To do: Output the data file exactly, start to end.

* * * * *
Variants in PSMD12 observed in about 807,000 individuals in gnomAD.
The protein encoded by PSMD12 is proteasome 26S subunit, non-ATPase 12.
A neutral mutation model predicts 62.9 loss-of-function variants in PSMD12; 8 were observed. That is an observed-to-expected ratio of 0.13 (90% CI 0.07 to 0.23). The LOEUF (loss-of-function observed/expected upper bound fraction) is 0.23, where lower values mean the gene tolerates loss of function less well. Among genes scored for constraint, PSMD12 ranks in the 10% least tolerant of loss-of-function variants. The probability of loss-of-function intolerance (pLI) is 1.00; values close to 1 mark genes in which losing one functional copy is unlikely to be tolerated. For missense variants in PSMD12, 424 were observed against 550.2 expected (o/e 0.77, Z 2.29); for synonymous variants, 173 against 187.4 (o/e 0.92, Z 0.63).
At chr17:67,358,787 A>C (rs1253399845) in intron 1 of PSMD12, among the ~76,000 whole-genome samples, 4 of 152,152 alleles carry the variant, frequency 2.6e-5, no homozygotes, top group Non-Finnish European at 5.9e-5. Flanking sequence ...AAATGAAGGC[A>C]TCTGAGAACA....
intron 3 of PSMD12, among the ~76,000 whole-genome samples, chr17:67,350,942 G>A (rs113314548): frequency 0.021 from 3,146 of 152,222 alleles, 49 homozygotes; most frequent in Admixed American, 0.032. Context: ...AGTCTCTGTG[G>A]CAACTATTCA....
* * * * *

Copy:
Variants in PSMD12 observed in about 807,000 individuals in gnomAD.
The protein encoded by PSMD12 is proteasome 26S subunit, non-ATPase 12.
A neutral mutation model predicts 62.9 loss-of-function variants in PSMD12; 8 were observed. That is an observed-to-expected ratio of 0.13 (90% CI 0.07 to 0.23). The LOEUF (loss-of-function observed/expected upper bound fraction) is 0.23, where lower values mean the gene tolerates loss of function less well. Among genes scored for constraint, PSMD12 ranks in the 10% least tolerant of loss-of-function variants. The probability of loss-of-function intolerance (pLI) is 1.00; values close to 1 mark genes in which losing one functional copy is unlikely to be tolerated. For missense variants in PSMD12, 424 were observed against 550.2 expected (o/e 0.77, Z 2.29); for synonymous variants, 173 against 187.4 (o/e 0.92, Z 0.63).
At chr17:67,358,787 A>C (rs1253399845) in intron 1 of PSMD12, among the ~76,000 whole-genome samples, 4 of 152,152 alleles carry the variant, frequency 2.6e-5, no homozygotes, top group Non-Finnish European at 5.9e-5. Flanking sequence ...AAATGAAGGC[A>C]TCTGAGAACA....
intron 3 of PSMD12, among the ~76,000 whole-genome samples, chr17:67,350,942 G>A (rs113314548): frequency 0.021 from 3,146 of 152,222 alleles, 49 homozygotes; most frequent in Admixed American, 0.032. Context: ...AGTCTCTGTG[G>A]CAACTATTCA....